A Vaccine for Leprosy

Leprosy Vaccine in the United States



Logo for the American Leprosy Missions, an organization dedicated to leprosy research and eradication.
www.leprosy.org

In the United States, these is no official, nationally accepted “vaccine” for leprosy. For over 15 years, researchers have been doing complementary analysis of tuberculosis vaccines, such as the BCG (Bacillus Calmette Guerin) vaccine, to see if they have an effect on the closely related Mycobacterium leprae. Throughout the process of attempting to sequence the M.leprae genome and bioinformatic processing of the data, researchers have changed the way the U.S. investigates potential antigens for new vaccines. The debate still continues, however, as to whether there is a need for a vaccine in the overall strategy to control and/or eradicate leprosy on a national and international scale.

The BCG vaccine is not used in the United States as a leprosy vaccine because of the unproven effectiveness of the BCG vaccine as well as the low incidence of leprosy patients in America. According to Dr. Barbara Stryjdwska, Clinician at the National Hansen’s Disesase Programs in Louisiana, there are only approximately 150 new leprosy cases each year in the United States, and most of these are in immigrants coming from countries where Hansen’s Disease is endemic. In 2002, 96 cases were reported to the Center for Disease Control and Prevention. The incidence may be greater however, because many patients do not want to be reported because of their immigrant status. Additionally, if patients do not seek or purchase treatment, they are hard to be tracked.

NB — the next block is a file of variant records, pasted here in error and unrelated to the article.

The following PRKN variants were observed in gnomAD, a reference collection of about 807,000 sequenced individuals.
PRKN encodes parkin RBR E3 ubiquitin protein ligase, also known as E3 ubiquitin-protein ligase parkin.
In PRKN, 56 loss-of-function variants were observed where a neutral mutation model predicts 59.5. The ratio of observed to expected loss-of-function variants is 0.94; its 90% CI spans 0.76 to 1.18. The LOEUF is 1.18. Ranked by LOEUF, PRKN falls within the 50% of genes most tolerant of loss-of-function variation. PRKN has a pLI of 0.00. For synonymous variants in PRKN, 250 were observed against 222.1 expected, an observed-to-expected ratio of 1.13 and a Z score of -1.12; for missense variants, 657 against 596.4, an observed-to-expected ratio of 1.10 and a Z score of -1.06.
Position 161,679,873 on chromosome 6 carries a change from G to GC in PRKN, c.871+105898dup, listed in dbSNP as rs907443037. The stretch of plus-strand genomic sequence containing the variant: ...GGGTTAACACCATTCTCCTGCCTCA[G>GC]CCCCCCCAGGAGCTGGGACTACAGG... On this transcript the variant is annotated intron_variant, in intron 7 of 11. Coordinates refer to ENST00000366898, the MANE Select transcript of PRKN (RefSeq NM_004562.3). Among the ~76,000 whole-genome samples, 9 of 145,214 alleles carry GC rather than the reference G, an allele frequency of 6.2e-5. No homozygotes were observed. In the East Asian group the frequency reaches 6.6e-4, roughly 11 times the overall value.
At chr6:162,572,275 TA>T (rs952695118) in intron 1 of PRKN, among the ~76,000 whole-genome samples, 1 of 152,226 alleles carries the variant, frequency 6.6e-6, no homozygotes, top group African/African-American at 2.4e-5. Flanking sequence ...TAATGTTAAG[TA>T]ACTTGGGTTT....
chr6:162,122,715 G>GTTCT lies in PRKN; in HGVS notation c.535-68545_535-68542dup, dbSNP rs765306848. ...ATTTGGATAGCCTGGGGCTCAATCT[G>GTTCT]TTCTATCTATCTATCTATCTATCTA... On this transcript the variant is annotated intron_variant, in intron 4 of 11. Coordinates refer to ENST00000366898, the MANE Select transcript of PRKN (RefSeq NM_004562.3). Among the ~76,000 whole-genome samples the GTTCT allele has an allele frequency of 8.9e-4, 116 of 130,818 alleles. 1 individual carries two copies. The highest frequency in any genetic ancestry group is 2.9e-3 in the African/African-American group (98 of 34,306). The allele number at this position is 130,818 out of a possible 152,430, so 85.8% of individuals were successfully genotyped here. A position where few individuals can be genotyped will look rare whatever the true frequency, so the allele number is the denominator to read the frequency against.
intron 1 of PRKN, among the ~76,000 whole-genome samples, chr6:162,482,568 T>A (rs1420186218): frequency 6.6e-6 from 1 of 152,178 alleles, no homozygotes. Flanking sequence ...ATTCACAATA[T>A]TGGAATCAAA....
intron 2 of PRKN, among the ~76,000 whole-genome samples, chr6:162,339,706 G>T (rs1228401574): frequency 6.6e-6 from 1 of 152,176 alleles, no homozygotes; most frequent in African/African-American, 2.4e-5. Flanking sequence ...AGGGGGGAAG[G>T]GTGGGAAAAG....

When will we see a vaccine being used in the United States?

Because leprosy is such a small problem in the United States, and since 90% of cases are imported (immigrants from countries where leprosy is endemic), there is little reason for a leprosy vaccine to actually be utilized in the United States even if an effective vaccine is created. Once identified, patients with leprosy in the United States are immediately put on antibiotics and usually cured in six to nine months. However, this does not thwart the efforts of American researchers to continue in-depth research on future leprosy vaccines that can be used on an international level, and possibly help to eradicate leprosy in the future.

Kiyana Harris, Class of 2007, kjharris@stanford.edu
Stanford University
Parasites & Pestilence: Infectious Public Health Challenges
Prof. D. Scott Smith, ssmith@stanford.edu